World's Biggest Tides
At the head of the Bay of Fundy, the difference between high and low tide can be 16 metres - more than the height of a three-storey building! The bay is just the right size and shape for a phenomenon called tidal resonance: water that is pushed into the long, narrow bay at high tide travels it length and then 'sloshes back', returning to the mouth of the bay after 12.5 hours. This is just in time to be met by the next high tide, so the water reverses course and travels up the bay again, then returns, over and over, like a swing that is pushed at just the right time to keep it going high.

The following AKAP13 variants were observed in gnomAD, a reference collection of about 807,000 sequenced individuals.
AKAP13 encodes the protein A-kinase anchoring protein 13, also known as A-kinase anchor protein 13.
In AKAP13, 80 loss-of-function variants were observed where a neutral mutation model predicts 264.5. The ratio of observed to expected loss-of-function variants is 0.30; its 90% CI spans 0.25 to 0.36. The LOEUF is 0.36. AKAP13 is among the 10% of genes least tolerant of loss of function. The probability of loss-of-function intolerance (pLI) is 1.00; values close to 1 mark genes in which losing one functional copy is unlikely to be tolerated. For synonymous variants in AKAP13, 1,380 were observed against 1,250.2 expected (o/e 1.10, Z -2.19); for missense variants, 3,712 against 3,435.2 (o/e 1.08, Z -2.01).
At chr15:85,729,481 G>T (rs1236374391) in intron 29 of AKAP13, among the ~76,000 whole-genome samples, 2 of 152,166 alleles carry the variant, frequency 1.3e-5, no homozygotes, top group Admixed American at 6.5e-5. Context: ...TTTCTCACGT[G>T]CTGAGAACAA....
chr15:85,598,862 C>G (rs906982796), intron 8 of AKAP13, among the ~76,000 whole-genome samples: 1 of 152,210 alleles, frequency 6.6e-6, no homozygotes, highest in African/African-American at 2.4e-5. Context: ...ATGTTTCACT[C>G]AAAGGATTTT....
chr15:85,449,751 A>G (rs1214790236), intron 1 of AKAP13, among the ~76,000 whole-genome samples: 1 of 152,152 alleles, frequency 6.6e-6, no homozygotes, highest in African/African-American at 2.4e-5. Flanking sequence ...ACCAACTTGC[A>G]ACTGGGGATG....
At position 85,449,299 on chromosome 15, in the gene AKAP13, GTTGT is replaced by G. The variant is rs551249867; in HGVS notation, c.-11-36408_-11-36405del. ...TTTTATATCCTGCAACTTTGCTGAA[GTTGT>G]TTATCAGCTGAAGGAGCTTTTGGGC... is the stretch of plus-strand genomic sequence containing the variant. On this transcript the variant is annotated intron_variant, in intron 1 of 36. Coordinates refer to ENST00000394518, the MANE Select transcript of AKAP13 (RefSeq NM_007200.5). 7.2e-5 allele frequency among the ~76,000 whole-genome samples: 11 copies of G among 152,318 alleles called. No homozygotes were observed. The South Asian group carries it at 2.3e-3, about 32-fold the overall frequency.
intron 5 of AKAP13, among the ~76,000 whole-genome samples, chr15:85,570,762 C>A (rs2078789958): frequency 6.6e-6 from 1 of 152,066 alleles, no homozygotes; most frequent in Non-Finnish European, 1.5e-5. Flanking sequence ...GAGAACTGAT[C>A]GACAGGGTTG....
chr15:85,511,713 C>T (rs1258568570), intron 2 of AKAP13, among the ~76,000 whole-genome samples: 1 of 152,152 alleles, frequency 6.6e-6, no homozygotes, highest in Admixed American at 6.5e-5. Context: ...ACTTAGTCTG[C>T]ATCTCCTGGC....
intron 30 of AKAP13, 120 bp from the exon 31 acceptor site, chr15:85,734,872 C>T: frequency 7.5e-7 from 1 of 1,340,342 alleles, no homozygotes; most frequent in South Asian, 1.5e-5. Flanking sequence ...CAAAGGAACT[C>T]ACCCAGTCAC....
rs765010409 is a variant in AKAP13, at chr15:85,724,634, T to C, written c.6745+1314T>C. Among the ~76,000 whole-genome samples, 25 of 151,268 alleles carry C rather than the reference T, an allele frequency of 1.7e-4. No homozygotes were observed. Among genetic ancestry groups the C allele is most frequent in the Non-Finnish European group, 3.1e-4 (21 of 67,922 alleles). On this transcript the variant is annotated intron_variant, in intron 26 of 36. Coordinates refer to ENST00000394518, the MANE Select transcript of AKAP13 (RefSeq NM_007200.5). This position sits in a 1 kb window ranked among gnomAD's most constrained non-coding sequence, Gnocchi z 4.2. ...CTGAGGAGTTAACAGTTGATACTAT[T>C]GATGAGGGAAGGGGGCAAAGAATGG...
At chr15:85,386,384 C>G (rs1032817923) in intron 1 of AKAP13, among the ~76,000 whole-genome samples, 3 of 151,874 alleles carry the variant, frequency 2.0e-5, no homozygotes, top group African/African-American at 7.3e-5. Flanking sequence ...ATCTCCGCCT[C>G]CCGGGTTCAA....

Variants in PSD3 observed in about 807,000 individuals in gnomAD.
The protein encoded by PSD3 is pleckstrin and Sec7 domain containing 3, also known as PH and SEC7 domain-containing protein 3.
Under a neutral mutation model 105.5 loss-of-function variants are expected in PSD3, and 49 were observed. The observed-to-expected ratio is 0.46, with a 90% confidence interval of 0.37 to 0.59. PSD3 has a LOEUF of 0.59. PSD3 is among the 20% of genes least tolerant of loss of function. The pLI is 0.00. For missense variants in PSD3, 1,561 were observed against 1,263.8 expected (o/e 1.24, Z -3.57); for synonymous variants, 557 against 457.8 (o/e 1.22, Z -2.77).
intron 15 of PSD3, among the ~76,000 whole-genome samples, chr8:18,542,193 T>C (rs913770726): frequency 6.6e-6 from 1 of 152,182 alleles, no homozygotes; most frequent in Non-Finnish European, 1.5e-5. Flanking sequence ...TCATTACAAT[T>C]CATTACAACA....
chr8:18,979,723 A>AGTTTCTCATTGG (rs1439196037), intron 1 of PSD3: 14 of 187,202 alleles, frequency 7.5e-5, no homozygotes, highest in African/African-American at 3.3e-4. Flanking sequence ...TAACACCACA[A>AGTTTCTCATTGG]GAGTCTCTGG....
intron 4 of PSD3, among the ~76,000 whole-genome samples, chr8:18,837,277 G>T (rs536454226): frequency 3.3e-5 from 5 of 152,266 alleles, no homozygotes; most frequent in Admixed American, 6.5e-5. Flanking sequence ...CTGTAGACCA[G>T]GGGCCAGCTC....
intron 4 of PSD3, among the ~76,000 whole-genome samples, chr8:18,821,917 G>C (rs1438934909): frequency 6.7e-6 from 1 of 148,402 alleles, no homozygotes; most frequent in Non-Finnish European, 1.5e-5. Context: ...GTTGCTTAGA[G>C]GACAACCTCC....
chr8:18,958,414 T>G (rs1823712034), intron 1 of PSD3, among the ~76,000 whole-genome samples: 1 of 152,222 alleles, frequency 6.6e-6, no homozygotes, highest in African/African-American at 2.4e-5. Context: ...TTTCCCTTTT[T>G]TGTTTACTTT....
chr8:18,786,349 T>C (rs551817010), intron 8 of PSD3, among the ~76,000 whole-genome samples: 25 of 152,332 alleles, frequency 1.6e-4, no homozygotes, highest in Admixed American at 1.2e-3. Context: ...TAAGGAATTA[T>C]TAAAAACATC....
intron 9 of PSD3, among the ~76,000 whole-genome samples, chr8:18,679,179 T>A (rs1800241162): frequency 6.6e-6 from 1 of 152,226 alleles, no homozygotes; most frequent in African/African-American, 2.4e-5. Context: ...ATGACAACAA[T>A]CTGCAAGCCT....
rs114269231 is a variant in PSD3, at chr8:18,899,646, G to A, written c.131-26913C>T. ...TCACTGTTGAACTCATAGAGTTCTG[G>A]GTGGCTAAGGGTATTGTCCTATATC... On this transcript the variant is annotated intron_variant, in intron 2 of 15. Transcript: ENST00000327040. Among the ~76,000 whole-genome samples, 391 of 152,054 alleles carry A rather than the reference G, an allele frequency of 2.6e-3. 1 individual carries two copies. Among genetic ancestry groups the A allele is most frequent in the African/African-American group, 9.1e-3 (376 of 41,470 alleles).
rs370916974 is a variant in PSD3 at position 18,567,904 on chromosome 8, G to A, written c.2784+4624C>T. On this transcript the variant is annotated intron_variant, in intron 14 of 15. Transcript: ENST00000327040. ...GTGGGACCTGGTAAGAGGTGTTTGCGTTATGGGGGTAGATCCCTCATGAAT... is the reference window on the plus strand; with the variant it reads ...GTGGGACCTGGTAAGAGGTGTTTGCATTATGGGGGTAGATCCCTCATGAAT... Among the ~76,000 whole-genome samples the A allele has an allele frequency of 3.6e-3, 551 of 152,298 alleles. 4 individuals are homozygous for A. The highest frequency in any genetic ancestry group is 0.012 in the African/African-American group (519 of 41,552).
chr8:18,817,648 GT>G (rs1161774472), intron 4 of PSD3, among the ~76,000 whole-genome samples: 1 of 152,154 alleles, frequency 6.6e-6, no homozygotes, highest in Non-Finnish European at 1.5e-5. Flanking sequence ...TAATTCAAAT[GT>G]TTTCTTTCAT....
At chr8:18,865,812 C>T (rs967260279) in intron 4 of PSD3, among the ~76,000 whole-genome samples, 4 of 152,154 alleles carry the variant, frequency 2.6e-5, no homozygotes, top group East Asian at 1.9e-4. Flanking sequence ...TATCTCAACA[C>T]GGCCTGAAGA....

The amount of water that flows into the Bay of Fundy in every tidal cycle exceeds the flow of all the world's rivers. As it moves, this water stirs up the ocean floor and shores, liberating nutrients. The result is an ecosystem rich in krill, squid, fish, and birds. The Bay of Fundy supports an abundant fishery, and at least eight different species of whales come here to feed or give birth.
Bay of Fundy.com, Learn more about the Bay of Fundy: http://www.bayoffundy.com/about/
National Oceanic and Atmospheric Administration (NOAA), National Ocean Service. Where is the highest tide?:
History, Tidal Resonance.